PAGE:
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Why is Bitcoin Falling?

Around July 14, bitcoin started a remarkable rally that saw it hit a high of $8424 by July 15. From just about $6,200, Bitcoin added almost $2000 in less than two weeks. Hopes were high that the market was finally coming out of a prolonged slump. The bullish trend did not however last. The leading cryptocurrency is now trading at $7407 according to data from CoinMarketCap having erased $1000 in gains in the last one week.


While volatility is now synonymous with cryptocurrencies, the recent spike was exceptional in some ways. The last significant rally was in May when the coin nearly hit $10,000 before sliding back to around $6000.

First, it is important to understand that the recent rally was largely due to the excitement around the bitcoin ETF. The Securities and Exchange Commission ultimately declined to approve the application filed by the Winklevoss twins sending the markets on a spin.

Another application through CBOE is currently before the SEC and the decision is due to be made somewhere in August although this may well be pushed further. While the application is structured differently, the conditions that led to the rejection of Gemini’s application are very much present i.e. concerns by SEC over market manipulation and the issue of customer protection.

The uncertainty is certainly playing a role in the current decline. But other factors are at play too. Bitcoin and other blockchain products were built on the promise of shaking up the way business has been done traditionally.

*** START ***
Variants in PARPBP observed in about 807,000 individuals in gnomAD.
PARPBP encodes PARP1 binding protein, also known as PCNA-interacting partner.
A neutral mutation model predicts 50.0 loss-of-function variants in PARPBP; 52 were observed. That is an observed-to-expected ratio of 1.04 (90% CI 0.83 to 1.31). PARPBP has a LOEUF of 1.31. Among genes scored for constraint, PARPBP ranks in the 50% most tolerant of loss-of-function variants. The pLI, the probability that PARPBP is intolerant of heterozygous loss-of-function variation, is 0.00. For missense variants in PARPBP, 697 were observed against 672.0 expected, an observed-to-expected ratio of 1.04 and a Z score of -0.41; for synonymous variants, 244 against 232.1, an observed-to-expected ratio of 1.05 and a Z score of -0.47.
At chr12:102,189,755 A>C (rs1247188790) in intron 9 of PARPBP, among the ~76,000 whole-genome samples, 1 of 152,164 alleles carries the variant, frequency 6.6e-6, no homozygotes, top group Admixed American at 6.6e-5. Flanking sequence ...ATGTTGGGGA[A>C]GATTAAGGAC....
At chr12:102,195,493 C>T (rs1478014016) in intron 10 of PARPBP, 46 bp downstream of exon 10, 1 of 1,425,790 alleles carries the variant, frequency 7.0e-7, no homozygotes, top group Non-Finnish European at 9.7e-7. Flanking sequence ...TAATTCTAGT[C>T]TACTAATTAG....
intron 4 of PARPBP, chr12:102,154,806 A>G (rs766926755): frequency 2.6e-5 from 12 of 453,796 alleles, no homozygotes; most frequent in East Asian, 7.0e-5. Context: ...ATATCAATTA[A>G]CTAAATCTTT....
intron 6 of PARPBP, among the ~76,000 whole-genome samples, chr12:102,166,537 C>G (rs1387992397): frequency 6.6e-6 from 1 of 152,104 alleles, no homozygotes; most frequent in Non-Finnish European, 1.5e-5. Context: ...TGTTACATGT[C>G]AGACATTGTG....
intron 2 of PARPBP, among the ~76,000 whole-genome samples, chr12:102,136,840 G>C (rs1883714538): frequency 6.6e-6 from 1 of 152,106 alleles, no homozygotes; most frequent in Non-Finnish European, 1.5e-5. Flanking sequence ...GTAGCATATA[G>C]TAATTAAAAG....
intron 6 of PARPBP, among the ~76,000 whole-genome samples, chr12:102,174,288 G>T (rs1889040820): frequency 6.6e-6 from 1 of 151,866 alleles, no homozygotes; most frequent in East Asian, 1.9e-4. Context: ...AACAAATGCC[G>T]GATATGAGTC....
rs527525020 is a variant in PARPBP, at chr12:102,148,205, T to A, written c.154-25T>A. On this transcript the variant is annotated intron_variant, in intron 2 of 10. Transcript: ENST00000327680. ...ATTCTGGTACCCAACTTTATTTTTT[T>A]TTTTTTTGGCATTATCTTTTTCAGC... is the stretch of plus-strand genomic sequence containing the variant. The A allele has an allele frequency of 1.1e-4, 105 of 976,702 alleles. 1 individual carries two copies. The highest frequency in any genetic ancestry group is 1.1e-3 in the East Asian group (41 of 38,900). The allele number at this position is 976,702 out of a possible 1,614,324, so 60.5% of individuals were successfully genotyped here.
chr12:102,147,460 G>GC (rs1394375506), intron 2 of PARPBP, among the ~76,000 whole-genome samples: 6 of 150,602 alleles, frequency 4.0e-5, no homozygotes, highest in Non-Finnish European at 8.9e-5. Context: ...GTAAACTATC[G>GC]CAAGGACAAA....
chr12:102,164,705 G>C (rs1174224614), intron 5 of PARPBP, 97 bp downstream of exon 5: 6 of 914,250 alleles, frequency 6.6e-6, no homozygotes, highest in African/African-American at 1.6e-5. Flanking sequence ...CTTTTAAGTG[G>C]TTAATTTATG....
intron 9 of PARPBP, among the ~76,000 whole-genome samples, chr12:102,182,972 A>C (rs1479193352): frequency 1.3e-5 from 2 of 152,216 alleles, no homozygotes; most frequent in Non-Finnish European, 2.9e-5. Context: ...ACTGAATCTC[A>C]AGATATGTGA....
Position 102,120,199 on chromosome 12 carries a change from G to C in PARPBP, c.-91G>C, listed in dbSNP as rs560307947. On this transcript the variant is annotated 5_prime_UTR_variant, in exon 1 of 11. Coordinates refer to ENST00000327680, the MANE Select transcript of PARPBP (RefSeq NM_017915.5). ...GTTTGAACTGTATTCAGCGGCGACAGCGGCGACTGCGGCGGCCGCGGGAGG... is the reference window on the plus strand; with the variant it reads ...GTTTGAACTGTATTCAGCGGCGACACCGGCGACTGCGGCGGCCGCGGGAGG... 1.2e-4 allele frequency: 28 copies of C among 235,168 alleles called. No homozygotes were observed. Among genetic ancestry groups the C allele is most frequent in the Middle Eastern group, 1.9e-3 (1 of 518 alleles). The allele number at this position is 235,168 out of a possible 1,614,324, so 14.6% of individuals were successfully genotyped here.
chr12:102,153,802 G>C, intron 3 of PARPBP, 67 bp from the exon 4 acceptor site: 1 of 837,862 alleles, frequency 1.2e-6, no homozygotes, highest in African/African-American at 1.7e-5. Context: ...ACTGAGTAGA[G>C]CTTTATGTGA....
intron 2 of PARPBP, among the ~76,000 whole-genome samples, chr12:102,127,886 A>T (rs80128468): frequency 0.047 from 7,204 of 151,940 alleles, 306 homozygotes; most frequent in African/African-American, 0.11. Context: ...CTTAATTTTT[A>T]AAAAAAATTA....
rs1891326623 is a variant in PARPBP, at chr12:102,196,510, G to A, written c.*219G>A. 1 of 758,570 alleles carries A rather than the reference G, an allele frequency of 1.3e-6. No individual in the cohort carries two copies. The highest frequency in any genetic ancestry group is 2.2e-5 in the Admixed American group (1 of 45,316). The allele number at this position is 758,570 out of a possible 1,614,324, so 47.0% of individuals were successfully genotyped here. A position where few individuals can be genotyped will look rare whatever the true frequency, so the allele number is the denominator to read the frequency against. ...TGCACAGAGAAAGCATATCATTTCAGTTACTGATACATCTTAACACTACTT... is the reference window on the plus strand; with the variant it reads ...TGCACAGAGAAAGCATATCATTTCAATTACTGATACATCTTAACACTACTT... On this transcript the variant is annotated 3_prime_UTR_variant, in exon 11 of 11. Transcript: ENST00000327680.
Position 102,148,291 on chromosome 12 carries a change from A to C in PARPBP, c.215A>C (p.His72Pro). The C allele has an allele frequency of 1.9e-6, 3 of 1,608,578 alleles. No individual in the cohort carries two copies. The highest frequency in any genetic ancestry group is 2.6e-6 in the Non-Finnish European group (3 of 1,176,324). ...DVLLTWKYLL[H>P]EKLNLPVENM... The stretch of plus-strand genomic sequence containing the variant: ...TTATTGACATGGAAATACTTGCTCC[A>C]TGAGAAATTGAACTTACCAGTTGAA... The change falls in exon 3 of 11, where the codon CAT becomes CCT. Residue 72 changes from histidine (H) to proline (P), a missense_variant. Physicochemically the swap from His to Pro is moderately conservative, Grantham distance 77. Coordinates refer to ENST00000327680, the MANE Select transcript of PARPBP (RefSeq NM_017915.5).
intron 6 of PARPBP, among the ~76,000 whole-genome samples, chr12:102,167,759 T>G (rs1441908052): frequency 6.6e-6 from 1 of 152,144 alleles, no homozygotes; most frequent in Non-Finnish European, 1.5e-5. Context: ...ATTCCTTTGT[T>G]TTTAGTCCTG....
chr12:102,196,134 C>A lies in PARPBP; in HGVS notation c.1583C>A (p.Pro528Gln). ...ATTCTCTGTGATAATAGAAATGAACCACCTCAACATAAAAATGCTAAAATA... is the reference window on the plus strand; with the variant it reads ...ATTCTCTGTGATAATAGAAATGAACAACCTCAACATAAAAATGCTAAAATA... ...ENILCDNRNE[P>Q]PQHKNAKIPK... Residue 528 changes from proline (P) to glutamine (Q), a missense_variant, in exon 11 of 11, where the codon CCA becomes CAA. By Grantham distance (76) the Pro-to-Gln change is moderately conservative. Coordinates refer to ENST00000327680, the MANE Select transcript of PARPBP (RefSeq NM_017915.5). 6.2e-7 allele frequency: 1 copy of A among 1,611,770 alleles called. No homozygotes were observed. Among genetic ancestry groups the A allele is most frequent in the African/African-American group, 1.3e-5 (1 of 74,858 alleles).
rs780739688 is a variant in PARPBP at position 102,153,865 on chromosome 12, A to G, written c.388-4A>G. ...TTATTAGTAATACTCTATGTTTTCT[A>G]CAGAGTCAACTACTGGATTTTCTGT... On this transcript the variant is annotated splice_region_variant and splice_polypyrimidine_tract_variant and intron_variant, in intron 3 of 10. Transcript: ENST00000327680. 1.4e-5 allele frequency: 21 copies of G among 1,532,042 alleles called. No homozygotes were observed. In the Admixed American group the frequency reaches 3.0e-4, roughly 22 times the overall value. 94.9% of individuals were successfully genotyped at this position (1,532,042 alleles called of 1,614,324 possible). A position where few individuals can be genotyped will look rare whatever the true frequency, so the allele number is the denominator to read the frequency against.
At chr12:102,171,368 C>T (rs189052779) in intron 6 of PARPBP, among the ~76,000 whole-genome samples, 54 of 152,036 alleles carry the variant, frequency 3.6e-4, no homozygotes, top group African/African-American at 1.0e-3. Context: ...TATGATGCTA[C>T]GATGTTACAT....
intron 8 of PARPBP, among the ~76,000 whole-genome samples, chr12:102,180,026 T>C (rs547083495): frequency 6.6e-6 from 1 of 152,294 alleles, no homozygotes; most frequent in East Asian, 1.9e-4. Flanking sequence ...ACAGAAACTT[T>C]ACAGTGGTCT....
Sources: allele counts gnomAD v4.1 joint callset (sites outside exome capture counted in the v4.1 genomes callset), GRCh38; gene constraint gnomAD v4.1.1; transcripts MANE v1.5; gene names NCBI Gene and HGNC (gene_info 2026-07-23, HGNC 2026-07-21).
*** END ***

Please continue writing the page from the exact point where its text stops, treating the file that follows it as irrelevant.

Blockchain entering the mainstream

However, as more institutions like IBM build different products around the technology, the case for some blockchain projects may be declining in the eyes of some investors. Few projects have rolled out tangible products almost a year after raising huge sums of money. Some of these ICOs were obviously overbought. Others understandably require a lot of time to actualise but the waiting does not help the anxiety among investors.

In the meantime, mainstream companies are increasingly exploring the space and developing real use cases.


LedgerConnect which is being developed by IBM and CLS aims to give banks and other businesses access to distributed ledger technology solutions. The initiative already has major players such as Barclays and CitiGroup as members. LedgerConnect is intended to be used in such as areas as KYC processes and reconciliation of market data.

Altcoins have been particularly taking a beating and a good number are just a fraction of their values in January. Most of these did not gain as much as the leading cryptocurrency during its bull run but have fallen even harder in the last few days.

Apart from the bitcoin ETF issue, there are upcoming tax crackdowns on cryptocurrencies which has spread jitters in the community.

South Korea and Japan are two important locations to watch when analysing the cryptocurrency market. South Korea for example is considering passing legislation to end tax benefits for exchanges.

The country which accounts for a good part of bitcoin transactions also wants to pass anti-money laundering legislation as well as laws touching on security. These can have a direct effect on transaction volumes and may be scaring away some investors.

For now, investor confidence is fragile and bitcoin could drop as low as $6000 having dropped below the key support of $7500.

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